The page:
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This week’s double feature showcases two horror classics, both great remakes of films that themselves were classics and both directed by two of the greatest horror directors of the modern era. Watched this the other night and it was a great evening of classic horror cinema!


THE THING (1982)

Arguably John Carpenter’s best film and his masterpiece, The Thing  was a remake of Howard Hawks’ 1951 classic The Thing From Another World, which was itself based on John W. Campbell’s story Who Goes There? Instead of using the 1951 film’s walking, blood sucking alien vegetable, he went back to Campbell’s story which featured an alien creature capable of imitating whatever it fed on.

Carpenter’s film opens with an isolated American research station in Antarctica being buzzed by a Norwegian helicopter that seems to be trying to gun down a lone sled dog. The incident results in the helicopter being destroyed and both raving occupants being killed, one by the station commander Gary (Donald Moffat) in defense of his crew. Now the team including helicopter pilot MacReady (Kurt Russell) are stuck with a bizarre mystery and the surviving sled dog. When MacReady and Doctor Copper (Richard Dysart) investigate the Norwegian camp, they find it destroyed, it’s occupants dead and a huge hollowed out block of ice…not to mention a burned corpse of something barely human. The investigating of the evidence indicates the Norwegians found a strange ship in the ice and brought a specimen back to their camp that apparently was not dead when thawed out. The real nightmare is yet to come as the Norwegian dog reveals itself to be something quite unworldly and that an alien creature with the ability to absorb and become it’s prey may now be among them… or worse, may be one or more of them already. The paranoia and terror grows as the team try to discover who may be a creature in disguise and the creature feeds their paranoia and seeks to eliminate any of the men with the scientific knowhow to unmask it. Can those still human stop it and if they fail, what will happen to the rest of humanity?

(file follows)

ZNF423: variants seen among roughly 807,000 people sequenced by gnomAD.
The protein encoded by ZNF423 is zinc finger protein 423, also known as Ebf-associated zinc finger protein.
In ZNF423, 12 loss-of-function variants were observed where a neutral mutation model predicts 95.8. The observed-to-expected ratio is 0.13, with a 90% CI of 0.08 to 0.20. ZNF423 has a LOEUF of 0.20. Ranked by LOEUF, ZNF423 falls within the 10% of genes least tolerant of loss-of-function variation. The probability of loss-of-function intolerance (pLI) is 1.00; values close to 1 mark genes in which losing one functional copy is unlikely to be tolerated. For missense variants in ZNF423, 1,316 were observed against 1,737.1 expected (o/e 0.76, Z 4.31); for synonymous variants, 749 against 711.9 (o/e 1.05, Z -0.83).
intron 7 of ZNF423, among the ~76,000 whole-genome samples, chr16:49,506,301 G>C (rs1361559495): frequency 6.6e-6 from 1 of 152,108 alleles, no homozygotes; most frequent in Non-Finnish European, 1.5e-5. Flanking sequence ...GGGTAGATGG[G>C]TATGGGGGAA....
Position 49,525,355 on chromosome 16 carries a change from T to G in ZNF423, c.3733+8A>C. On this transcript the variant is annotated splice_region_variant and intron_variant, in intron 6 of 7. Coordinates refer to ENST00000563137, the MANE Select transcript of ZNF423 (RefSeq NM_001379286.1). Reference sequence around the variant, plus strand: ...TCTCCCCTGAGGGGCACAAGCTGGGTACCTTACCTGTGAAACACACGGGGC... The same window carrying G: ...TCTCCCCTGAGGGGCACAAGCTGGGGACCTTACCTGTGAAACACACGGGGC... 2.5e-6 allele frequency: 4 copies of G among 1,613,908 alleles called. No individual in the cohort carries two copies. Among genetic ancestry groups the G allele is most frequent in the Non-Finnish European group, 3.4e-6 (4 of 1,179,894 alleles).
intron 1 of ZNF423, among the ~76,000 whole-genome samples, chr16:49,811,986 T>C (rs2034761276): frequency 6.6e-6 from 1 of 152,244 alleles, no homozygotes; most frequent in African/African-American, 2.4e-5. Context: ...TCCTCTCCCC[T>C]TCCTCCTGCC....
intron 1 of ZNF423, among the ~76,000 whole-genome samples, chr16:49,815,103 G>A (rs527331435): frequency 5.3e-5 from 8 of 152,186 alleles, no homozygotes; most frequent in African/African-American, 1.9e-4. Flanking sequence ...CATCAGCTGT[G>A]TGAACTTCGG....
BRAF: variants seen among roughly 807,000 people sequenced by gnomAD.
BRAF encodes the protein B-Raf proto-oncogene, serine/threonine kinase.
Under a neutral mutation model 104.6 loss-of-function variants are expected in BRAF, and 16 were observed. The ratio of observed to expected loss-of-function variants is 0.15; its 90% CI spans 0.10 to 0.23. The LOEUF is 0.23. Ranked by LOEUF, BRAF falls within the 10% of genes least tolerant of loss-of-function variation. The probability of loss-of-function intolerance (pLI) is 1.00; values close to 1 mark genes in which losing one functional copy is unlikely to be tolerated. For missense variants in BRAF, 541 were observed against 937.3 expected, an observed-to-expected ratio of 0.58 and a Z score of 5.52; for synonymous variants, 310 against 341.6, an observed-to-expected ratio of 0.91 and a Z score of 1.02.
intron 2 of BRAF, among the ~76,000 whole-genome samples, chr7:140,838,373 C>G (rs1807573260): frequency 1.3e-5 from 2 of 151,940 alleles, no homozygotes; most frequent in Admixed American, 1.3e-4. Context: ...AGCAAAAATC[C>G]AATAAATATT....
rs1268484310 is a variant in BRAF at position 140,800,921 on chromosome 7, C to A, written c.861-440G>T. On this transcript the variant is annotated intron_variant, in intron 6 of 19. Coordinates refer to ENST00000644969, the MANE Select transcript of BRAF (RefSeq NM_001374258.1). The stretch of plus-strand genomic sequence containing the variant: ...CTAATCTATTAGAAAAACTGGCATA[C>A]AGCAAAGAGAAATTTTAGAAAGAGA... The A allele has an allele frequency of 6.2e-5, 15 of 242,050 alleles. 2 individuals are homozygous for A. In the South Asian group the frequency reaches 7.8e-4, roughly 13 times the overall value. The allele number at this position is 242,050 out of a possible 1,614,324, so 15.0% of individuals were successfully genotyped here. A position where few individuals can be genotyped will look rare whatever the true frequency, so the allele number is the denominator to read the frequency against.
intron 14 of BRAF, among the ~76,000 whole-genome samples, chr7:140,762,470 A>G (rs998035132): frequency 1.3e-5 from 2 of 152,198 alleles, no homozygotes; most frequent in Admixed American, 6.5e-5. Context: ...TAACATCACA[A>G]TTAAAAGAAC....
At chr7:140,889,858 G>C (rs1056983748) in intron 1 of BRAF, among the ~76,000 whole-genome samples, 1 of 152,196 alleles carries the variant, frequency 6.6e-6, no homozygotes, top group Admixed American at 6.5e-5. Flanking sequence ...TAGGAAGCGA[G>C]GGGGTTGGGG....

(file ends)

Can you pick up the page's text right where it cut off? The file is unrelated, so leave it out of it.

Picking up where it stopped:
The Thing is both a masterpiece of suspense and tension, as well as, of visceral horror. Carpenter along with Bill Lancaster’s script perfectly creates the paranoia of not knowing who around you is human and who is not. The setting of isolation is made all that apparent as Carpenter seals his characters in an ice and snow surrounded maze of hallways and dark rooms where the 12 men are trapped with something very inhuman and they can’t even trust each other as it could be anyone. The team all suspect each other, but as is human nature, turn to those they like for support and turn on those they may have not liked or not gotten along with before. We have 12 men who are social outcasts thrust into a situation where no one is coming to their rescue and they are forced to not only try to save themselves, but literally save the planet, as their failure to stop this creature will unleash it upon an unsuspecting world. Just so we fully understand the enormity of this creature’s threat, we are treated, via make-up FX master Rob Bottin (and Stan Winston who created the dog kennel creature), to some of the most gruesome creature transformation sequences ever filmed. Bottin convinced Carpenter to not go with a standard true form for the creature design, but an organism that is constantly changing and different once revealed and is made up of parts of all the beings it has absorbed during it’s journey through space. The results are visually horrifying and still hold their full impact even today. All this is brilliantly filmed by cinematographer Dean Cundey and accented by a haunting score by Ennio Morricone…who later voiced disapproval of how Carpenter used it. It is said the prominent electronic bits were actually written by Carpenter, though a lot of Morricone’s music is still used.